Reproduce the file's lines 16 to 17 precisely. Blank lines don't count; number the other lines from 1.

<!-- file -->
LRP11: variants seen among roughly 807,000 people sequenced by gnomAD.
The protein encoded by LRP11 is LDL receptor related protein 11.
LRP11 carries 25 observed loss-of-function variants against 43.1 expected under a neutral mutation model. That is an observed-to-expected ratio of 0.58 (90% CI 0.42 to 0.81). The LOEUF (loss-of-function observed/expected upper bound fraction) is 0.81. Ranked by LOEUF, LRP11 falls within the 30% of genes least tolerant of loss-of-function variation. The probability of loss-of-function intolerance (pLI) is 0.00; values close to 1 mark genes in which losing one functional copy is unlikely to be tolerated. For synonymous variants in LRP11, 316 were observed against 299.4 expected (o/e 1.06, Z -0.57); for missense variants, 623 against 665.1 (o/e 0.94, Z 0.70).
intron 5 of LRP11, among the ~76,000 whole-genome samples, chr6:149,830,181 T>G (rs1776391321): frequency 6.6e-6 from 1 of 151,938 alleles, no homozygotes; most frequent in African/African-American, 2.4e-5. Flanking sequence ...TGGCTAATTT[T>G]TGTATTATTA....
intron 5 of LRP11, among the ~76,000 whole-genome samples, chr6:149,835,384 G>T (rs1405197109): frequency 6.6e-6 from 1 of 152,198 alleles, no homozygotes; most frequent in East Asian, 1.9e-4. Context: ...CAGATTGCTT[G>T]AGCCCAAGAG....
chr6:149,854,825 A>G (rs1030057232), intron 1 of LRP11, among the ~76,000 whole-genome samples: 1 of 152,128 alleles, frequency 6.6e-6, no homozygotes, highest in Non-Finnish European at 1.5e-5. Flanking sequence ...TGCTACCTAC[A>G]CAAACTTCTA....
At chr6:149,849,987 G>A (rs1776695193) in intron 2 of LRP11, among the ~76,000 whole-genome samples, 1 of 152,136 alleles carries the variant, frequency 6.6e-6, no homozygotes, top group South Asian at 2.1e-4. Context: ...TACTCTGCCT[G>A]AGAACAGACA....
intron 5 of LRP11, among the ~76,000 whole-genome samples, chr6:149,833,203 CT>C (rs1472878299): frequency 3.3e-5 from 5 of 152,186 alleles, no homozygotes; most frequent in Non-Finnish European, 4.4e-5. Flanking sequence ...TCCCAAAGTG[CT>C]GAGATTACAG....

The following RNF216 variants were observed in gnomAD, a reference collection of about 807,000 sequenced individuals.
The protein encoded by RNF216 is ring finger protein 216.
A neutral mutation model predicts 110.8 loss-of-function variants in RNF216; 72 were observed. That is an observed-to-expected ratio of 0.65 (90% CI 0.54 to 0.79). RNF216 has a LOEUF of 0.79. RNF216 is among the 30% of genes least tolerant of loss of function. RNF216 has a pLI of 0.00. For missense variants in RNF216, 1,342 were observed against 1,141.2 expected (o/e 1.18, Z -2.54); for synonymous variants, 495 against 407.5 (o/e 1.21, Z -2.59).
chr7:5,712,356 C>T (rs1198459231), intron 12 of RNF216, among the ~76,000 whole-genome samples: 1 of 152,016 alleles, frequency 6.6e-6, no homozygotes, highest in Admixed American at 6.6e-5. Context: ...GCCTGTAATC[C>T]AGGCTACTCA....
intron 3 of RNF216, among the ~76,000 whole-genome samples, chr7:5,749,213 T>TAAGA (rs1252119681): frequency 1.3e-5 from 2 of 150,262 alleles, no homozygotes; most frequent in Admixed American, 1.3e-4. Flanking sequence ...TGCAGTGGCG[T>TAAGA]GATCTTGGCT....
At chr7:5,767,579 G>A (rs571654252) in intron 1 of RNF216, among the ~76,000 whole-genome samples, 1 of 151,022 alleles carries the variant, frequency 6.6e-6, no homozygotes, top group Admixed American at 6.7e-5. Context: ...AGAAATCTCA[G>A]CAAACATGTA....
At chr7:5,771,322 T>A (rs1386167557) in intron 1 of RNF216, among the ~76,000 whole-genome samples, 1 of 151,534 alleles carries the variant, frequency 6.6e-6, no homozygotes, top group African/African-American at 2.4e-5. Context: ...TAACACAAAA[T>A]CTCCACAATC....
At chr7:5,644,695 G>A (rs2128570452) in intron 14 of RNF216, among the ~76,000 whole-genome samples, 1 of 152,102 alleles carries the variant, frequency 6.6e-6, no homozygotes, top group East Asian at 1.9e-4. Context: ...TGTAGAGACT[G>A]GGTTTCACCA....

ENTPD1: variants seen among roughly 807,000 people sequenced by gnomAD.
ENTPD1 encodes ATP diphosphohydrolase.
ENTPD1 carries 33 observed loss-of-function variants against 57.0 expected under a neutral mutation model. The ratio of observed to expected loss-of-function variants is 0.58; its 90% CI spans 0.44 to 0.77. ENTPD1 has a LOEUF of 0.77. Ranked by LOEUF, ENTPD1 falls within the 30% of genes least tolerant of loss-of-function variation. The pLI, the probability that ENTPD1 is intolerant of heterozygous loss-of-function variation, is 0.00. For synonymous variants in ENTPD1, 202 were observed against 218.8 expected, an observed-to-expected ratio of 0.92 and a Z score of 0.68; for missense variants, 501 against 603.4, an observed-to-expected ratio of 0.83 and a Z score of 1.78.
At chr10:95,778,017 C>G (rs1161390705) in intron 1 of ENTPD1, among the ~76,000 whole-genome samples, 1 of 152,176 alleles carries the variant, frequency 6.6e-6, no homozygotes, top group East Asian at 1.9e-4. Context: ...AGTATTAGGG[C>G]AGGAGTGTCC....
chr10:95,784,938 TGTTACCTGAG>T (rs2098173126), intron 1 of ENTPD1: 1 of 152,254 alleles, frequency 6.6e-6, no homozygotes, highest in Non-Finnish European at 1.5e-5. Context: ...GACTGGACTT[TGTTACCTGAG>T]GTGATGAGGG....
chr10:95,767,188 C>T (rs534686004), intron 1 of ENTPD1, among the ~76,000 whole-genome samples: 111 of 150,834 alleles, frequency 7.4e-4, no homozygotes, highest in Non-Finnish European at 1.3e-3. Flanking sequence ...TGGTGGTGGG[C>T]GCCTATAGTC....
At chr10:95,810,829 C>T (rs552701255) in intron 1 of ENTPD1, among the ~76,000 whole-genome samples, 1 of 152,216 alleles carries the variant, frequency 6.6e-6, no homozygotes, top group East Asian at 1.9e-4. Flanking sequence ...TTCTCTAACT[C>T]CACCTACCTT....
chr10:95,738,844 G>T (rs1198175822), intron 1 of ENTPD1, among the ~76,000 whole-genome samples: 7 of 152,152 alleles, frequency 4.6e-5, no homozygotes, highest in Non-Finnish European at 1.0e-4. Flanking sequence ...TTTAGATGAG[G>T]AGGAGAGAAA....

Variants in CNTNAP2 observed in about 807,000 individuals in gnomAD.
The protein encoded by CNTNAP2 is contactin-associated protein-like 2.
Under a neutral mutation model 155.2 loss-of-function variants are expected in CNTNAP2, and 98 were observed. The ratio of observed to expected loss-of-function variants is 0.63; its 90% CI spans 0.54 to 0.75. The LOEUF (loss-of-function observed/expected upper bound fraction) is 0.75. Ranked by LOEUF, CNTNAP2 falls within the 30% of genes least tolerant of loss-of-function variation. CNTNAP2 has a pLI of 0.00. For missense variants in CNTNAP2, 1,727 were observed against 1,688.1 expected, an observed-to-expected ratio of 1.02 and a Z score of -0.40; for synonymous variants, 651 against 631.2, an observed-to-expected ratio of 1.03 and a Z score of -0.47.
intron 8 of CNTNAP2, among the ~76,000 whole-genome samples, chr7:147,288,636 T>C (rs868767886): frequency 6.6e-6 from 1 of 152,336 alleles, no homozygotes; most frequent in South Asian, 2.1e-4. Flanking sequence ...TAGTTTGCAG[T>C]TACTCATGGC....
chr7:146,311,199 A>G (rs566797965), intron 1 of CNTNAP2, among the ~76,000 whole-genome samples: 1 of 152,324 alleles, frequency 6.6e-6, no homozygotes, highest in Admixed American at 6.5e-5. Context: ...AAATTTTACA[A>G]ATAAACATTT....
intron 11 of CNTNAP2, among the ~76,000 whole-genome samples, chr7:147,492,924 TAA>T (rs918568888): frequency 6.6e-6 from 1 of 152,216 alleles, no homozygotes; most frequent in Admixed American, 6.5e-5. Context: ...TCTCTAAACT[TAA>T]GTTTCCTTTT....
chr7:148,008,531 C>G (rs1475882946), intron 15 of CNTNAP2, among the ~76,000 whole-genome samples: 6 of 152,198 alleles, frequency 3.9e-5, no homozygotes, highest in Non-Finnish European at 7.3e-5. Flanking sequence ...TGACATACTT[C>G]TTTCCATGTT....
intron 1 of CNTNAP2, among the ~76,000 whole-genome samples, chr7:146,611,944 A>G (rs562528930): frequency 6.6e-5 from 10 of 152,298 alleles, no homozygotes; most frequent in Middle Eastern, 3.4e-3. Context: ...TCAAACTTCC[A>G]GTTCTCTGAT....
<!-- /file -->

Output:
At chr7:5,644,695 G>A (rs2128570452) in intron 14 of RNF216, among the ~76,000 whole-genome samples, 1 of 152,102 alleles carries the variant, frequency 6.6e-6, no homozygotes, top group East Asian at 1.9e-4. Context: ...TGTAGAGACT[G>A]GGTTTCACCA....

ENTPD1: variants seen among roughly 807,000 people sequenced by gnomAD.